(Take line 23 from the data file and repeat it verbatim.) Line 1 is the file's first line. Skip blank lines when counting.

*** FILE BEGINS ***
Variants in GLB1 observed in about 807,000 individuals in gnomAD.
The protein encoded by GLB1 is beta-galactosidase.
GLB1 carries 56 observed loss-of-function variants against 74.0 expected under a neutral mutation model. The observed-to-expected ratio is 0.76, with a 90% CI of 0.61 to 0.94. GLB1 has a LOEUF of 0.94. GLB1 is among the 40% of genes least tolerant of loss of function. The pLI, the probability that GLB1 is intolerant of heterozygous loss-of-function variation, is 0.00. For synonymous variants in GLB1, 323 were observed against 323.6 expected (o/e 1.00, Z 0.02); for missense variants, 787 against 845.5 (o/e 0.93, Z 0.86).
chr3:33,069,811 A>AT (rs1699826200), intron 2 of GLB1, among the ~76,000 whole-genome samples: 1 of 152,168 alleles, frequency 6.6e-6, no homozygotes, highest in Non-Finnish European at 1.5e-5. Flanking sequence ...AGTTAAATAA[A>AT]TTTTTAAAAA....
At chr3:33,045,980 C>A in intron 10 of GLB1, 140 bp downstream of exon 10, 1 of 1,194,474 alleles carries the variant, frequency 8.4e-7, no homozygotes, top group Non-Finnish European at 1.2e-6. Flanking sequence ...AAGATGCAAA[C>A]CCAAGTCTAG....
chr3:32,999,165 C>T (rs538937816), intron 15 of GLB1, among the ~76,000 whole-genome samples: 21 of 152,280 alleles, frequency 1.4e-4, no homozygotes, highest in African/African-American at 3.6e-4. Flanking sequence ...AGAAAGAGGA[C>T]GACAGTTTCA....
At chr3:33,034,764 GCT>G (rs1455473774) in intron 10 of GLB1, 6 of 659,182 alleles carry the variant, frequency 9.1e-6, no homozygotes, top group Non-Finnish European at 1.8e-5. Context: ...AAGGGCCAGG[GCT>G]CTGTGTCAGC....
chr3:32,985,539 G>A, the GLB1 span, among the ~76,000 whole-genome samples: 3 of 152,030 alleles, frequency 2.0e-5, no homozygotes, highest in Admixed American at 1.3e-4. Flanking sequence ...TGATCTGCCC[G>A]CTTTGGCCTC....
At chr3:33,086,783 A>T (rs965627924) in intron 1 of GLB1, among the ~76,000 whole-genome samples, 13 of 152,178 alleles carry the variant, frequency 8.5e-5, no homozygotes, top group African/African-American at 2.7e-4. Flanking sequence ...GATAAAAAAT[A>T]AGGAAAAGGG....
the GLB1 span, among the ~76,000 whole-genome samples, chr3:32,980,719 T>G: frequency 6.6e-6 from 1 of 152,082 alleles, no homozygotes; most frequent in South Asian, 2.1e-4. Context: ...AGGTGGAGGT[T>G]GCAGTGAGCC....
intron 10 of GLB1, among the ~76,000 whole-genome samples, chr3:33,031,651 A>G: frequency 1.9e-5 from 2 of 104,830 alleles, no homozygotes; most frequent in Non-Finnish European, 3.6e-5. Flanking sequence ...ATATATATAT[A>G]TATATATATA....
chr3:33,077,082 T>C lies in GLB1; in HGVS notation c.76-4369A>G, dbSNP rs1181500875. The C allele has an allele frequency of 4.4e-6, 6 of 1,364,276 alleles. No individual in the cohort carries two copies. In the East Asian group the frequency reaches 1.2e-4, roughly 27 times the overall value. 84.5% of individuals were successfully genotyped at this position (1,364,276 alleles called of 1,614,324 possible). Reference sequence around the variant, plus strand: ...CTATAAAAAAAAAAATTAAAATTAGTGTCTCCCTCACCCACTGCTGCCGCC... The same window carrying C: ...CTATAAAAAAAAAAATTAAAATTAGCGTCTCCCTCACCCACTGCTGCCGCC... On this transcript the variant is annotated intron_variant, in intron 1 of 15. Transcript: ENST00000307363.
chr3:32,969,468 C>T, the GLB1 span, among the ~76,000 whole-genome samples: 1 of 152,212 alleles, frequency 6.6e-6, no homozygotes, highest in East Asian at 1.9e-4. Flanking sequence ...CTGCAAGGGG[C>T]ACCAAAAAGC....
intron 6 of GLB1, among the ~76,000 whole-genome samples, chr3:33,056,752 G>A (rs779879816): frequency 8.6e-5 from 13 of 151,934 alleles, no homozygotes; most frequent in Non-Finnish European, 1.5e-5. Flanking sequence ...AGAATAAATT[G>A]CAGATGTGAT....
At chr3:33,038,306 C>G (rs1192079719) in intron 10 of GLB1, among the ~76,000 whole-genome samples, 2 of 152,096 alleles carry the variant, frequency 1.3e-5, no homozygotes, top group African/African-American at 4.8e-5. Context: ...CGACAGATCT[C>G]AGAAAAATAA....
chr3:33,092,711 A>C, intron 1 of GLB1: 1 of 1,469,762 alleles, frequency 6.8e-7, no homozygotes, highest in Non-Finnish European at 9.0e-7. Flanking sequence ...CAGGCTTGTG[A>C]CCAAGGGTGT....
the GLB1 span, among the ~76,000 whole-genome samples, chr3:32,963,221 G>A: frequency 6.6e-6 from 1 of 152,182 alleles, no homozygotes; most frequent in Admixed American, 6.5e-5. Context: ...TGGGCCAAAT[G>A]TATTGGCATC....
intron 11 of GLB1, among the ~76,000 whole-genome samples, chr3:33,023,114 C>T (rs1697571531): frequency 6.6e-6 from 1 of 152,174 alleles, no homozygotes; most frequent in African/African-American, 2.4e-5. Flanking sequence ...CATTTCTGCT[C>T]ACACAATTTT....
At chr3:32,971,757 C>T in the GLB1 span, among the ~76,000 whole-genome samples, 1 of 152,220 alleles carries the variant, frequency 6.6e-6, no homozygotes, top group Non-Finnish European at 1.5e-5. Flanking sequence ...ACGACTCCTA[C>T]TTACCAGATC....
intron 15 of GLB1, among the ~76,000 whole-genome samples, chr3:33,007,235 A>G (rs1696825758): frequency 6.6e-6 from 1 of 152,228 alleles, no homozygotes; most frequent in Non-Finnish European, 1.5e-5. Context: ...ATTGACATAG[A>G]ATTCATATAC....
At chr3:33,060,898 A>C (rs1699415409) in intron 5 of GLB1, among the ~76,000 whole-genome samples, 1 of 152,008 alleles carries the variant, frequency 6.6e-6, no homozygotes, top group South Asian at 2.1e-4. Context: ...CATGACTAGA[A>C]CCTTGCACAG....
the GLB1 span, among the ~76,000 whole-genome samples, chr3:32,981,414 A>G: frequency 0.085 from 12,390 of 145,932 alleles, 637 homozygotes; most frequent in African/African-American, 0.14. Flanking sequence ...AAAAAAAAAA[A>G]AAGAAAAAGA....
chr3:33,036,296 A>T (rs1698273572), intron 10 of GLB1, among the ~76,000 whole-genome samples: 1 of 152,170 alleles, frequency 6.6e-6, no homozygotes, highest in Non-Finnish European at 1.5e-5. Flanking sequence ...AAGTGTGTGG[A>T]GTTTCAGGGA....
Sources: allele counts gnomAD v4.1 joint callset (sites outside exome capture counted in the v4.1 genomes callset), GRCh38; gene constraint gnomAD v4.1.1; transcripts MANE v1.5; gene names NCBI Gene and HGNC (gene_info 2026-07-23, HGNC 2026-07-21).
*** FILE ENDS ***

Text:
chr3:33,036,296 A>T (rs1698273572), intron 10 of GLB1, among the ~76,000 whole-genome samples: 1 of 152,170 alleles, frequency 6.6e-6, no homozygotes, highest in Non-Finnish European at 1.5e-5. Flanking sequence ...AAGTGTGTGG[A>T]GTTTCAGGGA....